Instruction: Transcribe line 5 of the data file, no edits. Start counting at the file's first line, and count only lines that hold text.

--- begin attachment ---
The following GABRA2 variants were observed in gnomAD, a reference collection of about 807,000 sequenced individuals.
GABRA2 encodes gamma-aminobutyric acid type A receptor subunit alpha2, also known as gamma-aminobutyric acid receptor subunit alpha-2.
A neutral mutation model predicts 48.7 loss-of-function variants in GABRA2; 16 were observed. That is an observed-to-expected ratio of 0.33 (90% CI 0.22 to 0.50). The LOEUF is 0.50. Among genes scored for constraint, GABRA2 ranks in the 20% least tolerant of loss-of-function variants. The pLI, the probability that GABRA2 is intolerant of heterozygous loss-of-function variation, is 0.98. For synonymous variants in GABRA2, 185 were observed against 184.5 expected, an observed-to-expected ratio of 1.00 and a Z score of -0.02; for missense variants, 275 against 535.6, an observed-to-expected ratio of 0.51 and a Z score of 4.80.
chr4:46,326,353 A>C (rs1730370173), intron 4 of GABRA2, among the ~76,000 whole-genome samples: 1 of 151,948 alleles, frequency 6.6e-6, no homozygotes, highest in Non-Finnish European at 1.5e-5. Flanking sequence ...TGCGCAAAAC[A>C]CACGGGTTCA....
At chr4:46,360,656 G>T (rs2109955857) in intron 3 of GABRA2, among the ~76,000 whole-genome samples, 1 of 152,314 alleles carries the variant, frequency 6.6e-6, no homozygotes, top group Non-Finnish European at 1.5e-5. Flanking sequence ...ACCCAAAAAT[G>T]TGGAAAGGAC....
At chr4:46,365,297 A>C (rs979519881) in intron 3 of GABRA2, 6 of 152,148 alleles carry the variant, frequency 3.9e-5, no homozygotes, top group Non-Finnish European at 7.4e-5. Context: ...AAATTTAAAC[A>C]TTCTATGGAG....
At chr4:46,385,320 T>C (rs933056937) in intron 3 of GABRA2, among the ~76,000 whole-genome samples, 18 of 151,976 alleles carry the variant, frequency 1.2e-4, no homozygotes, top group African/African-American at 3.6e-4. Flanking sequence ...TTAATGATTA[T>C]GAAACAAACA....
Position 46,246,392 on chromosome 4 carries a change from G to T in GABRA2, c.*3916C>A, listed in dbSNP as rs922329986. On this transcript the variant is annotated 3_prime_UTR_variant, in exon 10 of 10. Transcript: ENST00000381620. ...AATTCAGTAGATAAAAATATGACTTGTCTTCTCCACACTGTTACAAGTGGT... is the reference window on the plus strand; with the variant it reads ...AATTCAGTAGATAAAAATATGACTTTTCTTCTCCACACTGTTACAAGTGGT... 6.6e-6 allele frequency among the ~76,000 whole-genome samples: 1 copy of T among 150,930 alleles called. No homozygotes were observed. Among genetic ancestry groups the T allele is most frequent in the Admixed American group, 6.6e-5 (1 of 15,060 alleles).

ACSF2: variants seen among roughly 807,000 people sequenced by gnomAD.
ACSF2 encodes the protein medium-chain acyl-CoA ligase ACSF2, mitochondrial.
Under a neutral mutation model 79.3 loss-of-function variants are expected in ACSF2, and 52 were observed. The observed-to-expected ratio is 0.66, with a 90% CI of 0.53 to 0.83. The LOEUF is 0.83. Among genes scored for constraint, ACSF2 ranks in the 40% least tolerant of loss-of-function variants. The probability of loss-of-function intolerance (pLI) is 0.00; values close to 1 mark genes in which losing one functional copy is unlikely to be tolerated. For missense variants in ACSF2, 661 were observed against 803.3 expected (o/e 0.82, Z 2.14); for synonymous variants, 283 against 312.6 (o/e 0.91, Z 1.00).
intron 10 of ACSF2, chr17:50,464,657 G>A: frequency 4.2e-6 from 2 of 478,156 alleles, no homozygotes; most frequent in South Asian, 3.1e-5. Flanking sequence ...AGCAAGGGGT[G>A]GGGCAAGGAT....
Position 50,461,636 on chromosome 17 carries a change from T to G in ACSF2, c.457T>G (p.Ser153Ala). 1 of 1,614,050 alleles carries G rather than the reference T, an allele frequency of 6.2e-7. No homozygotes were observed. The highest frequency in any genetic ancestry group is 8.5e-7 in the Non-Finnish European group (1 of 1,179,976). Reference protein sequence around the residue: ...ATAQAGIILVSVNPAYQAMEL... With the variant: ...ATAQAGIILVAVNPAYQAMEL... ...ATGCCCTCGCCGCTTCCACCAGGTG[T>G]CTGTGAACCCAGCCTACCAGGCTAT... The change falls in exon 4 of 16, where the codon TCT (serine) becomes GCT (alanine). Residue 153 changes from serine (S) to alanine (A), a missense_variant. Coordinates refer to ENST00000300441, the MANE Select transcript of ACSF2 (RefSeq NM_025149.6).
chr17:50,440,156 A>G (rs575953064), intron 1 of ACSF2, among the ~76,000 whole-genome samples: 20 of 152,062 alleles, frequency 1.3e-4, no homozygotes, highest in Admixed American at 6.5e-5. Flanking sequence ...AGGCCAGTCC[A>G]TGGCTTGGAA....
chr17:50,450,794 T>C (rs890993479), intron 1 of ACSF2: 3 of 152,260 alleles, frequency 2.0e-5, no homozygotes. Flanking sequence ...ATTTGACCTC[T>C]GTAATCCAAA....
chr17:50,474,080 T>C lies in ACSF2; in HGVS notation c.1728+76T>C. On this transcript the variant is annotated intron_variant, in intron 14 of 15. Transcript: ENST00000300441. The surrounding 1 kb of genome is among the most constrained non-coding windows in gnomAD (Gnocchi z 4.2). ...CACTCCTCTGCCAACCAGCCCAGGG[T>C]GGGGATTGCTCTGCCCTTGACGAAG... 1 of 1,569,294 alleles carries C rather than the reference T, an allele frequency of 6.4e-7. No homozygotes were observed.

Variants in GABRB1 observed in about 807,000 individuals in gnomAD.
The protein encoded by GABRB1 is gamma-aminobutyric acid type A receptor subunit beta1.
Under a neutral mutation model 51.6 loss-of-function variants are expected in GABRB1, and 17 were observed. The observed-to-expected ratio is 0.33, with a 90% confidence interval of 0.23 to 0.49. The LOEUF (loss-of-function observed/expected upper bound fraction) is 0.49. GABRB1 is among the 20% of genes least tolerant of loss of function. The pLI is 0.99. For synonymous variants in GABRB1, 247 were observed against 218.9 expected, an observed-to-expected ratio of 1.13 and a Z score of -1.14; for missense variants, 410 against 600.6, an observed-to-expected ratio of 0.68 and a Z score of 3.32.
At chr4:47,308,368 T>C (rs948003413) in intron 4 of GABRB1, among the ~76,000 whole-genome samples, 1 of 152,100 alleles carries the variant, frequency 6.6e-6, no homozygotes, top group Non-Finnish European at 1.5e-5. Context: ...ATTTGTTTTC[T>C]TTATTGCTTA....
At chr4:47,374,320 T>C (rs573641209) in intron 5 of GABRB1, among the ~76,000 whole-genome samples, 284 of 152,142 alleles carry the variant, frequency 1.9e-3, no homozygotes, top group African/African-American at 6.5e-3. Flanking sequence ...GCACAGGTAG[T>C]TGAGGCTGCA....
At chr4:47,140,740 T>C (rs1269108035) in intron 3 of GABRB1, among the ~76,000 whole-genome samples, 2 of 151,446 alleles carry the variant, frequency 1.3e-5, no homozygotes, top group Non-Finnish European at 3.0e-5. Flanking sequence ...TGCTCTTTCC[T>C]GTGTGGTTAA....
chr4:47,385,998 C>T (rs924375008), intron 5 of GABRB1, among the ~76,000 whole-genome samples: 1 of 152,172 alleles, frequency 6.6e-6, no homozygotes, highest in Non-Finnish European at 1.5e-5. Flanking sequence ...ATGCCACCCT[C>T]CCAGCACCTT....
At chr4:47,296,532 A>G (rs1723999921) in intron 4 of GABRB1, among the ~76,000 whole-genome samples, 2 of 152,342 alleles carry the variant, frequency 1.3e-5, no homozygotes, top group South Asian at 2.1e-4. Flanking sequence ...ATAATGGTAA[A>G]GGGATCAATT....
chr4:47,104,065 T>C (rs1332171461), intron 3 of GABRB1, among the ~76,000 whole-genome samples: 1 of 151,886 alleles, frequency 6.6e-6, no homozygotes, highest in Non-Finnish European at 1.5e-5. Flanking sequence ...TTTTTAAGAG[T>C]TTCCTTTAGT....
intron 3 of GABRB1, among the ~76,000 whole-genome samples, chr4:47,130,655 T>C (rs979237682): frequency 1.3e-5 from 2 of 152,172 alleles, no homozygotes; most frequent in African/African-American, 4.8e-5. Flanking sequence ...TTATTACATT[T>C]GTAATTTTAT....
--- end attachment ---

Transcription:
At chr4:46,360,656 G>T (rs2109955857) in intron 3 of GABRA2, among the ~76,000 whole-genome samples, 1 of 152,314 alleles carries the variant, frequency 6.6e-6, no homozygotes, top group Non-Finnish European at 1.5e-5. Flanking sequence ...ACCCAAAAAT[G>T]TGGAAAGGAC....